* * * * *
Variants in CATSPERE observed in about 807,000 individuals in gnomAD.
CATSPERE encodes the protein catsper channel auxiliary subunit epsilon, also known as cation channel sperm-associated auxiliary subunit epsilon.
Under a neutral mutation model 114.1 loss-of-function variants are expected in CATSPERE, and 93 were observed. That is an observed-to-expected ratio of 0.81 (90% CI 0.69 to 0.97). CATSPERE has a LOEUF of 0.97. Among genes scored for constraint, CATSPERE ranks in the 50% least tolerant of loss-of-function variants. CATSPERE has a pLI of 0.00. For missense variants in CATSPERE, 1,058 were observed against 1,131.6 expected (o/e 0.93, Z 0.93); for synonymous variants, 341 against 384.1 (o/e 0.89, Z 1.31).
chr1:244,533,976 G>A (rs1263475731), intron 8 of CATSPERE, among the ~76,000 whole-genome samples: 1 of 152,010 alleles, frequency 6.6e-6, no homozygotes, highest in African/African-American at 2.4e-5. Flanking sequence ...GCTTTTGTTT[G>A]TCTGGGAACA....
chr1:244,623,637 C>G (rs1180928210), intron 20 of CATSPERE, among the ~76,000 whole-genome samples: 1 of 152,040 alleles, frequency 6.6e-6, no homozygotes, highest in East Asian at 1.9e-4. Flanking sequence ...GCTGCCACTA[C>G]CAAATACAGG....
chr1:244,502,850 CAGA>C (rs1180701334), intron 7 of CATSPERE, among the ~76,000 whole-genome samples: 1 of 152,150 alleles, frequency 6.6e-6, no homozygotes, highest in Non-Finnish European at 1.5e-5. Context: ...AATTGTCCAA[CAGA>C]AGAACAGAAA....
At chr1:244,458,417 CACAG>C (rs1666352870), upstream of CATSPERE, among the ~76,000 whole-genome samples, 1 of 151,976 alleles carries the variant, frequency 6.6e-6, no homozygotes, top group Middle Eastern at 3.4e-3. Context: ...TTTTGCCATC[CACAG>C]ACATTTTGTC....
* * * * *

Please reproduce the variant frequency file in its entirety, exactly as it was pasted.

Variants in CATSPERE observed in about 807,000 individuals in gnomAD.
CATSPERE encodes the protein catsper channel auxiliary subunit epsilon, also known as cation channel sperm-associated auxiliary subunit epsilon.
Under a neutral mutation model 114.1 loss-of-function variants are expected in CATSPERE, and 93 were observed. That is an observed-to-expected ratio of 0.81 (90% CI 0.69 to 0.97). CATSPERE has a LOEUF of 0.97. Among genes scored for constraint, CATSPERE ranks in the 50% least tolerant of loss-of-function variants. CATSPERE has a pLI of 0.00. For missense variants in CATSPERE, 1,058 were observed against 1,131.6 expected (o/e 0.93, Z 0.93); for synonymous variants, 341 against 384.1 (o/e 0.89, Z 1.31).
chr1:244,533,976 G>A (rs1263475731), intron 8 of CATSPERE, among the ~76,000 whole-genome samples: 1 of 152,010 alleles, frequency 6.6e-6, no homozygotes, highest in African/African-American at 2.4e-5. Flanking sequence ...GCTTTTGTTT[G>A]TCTGGGAACA....
chr1:244,623,637 C>G (rs1180928210), intron 20 of CATSPERE, among the ~76,000 whole-genome samples: 1 of 152,040 alleles, frequency 6.6e-6, no homozygotes, highest in East Asian at 1.9e-4. Flanking sequence ...GCTGCCACTA[C>G]CAAATACAGG....
chr1:244,502,850 CAGA>C (rs1180701334), intron 7 of CATSPERE, among the ~76,000 whole-genome samples: 1 of 152,150 alleles, frequency 6.6e-6, no homozygotes, highest in Non-Finnish European at 1.5e-5. Context: ...AATTGTCCAA[CAGA>C]AGAACAGAAA....
At chr1:244,458,417 CACAG>C (rs1666352870), upstream of CATSPERE, among the ~76,000 whole-genome samples, 1 of 151,976 alleles carries the variant, frequency 6.6e-6, no homozygotes, top group Middle Eastern at 3.4e-3. Context: ...TTTTGCCATC[CACAG>C]ACATTTTGTC....